In 1831 a young French aristocrats, Alexis de Tocqueville, arrived in
the United States. He traveled the young country to see how their
experiment in democracy functioned. When he returned to France, Tocqueville
published a book about what he saw and experianced, "Democracy in America."
This book is required reading in many college classes today. Many
of its critiques and observations are still valid.
In The Party's Over, filmmakers Rebecca Chaiklin and Donovan
Leitch follow host Philip Seymour Hoffman on a similar odyssey across America
looking at democracy. Filmed in 2000, Hoffman attends the Democratic
and Republican national conventions, as well as the conventions of the
Christian Coalition, the Green Party, the Shadow Convention, and others.
He talks to such diverse people as Robert Reed, Willie Nelson, Michael
Moore, and Eddie Vedder. He talks to protesters at the conventions
and home town activists from across the country. He looks at how
the democratic process is (or isn't) working in America today.
When I heard about this film, my first thought was of Michael Moore.
He has made a career out of similar types of movies putting people on the
spot and highlighting what he believes are injustices in our society.
I figured this would be a film in a similar vein. I was wrong.
It struck me early on in watching the movie, that everyone involved was
trying to be neutral. To a very large degree they succeeded.
Hoffman attends a gun show and lets the dealers there explain why more
gun regulations are not needed. He does not goad them or ask them
leading questions. He doesn't quote gun death statistics at them.
He just talks with them. He then goes to the "Million Mother March"
where many people spoke out in favor of gun control. Again, they
are not confronted about their beliefs, just given the opportunity to say
how they feel.
The movie is not totally neutral, it would be impossible to make something
that every side thought was fair. There are more interviews with
liberal protesters than with their conservative counterparts. This
is mainly because there are not many conservative groups that protest.
In an interview with Barney Frank, the Democratic representative
from Massachusetts points out that the NRA is one of the most effective special
interest groups in the country, yet they never hold protests. As
he noted, when liberals get upset they march in the streets, when conservatives
get angry they vote people out of office.
The most interesting thing about this documentary is how similar the
Democrats and Republicans sounded. When Hoffman asked a delegate
to the Democratic National Convention why she wanted a Democrat in the
White House, she gave almost the same reasons Republicans gave: they
will improve education, bring dignity back to the White House etc.
There was a segment of the film dealing with the death penalty.
They showed many people protesting Bush's frequent use of capital punishment.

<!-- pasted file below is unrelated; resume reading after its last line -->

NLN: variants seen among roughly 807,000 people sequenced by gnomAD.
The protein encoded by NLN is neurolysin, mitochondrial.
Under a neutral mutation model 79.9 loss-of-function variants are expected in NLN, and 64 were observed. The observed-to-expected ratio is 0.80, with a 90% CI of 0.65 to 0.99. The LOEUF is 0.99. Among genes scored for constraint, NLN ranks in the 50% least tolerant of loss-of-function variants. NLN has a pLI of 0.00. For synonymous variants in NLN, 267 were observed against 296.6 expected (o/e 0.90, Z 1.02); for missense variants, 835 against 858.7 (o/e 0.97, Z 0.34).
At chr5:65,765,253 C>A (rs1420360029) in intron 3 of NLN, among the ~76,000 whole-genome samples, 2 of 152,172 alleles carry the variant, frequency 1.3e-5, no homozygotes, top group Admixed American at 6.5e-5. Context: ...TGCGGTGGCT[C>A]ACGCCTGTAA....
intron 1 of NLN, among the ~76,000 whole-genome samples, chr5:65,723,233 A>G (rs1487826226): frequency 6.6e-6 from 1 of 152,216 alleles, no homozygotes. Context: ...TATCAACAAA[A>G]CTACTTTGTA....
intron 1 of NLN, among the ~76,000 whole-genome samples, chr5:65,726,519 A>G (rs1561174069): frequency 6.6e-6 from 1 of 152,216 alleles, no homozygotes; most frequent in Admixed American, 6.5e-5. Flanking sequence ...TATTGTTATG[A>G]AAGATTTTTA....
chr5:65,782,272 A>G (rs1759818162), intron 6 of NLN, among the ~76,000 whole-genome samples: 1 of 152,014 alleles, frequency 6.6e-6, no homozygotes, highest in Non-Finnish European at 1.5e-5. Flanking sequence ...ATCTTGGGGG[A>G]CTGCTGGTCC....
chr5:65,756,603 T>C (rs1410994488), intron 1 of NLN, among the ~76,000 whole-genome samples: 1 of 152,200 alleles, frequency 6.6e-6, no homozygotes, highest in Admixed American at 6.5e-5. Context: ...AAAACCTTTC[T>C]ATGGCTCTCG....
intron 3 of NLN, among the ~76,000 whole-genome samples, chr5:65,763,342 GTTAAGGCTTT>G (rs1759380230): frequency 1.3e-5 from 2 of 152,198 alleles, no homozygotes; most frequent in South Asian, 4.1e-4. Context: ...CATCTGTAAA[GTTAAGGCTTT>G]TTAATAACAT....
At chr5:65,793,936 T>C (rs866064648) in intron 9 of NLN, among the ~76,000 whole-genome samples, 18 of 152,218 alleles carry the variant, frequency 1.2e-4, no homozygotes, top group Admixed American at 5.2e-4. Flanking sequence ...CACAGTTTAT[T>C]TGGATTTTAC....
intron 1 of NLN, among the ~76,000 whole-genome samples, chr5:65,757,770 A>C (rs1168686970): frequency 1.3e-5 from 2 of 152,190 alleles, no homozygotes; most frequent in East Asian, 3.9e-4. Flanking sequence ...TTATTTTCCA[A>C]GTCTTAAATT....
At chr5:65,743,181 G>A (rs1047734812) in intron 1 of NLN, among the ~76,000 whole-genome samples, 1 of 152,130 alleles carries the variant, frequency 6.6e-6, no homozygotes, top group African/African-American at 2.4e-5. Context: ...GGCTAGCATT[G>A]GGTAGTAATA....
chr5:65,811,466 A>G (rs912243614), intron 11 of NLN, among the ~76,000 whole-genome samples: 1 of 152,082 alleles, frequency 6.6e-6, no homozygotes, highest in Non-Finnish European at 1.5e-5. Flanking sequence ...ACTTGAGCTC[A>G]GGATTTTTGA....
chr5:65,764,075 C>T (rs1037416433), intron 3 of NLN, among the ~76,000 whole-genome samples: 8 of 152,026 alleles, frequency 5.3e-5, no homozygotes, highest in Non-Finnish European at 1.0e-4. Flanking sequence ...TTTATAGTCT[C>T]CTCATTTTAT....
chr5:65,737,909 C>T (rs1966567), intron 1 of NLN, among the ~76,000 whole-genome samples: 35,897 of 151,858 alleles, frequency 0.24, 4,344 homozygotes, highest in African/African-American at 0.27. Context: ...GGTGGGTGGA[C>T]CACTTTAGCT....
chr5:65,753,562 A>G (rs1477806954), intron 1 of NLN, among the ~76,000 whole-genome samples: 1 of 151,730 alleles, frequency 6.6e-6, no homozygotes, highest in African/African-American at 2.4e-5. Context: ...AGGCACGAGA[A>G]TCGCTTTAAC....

They did not give much time to people who support its use. Then they
cut to a presidential debate where Bush was defending his record on that
subject, and Al Gore was asked how he felt. He admitted that he was
in favor of the death penalty too. The moderator, Jim Lehrer held
his hands up and asked "What's the difference?"
Which is related to another theme of the movie: The two major
parties are not inclusive. There are a lot of people who are
not represented, and a lot of important issues that are not discussed at
all. Women, minorities, young people are not to be found in either
party except as tokens. Drugs and the rising prison population are
just never mentioned. It's as if these problems don't exist.
The film does not follow the candidates around the country. They
are not the focus. It's on the people the support them and those
who are active in politics that Hoffman is interested in. After the
conventions, it fast forwards to election day, and then has a brief segment
on the recount vote in Florida.
The main point of the film is to make people contemplate the political
system we have in the US. And it does that very well at that.
In showing so many activists of all different stripes, the film was almost
daring you to go out and do something if you don't like what your seeing.
After all, the people in the film did.
The Party's Over was released by Film Movement.
This company buys the rights to independent and foreign films, and then
releases them theatrically and on DVD at the same time. To be eligible
for purchase, a film have to have been entered into competition at one
of the major film festivals. Most that they aquire have won awards.
Since these are small art house films that not everyone is able to see,
it distributes them to a wider audience. Each DVD contains a short
and other extras. Making it an attractive package for those
who like independent film.
Film Movement DVDs are released monthly, and only
available by subscription. (Past DVDs are available through their web site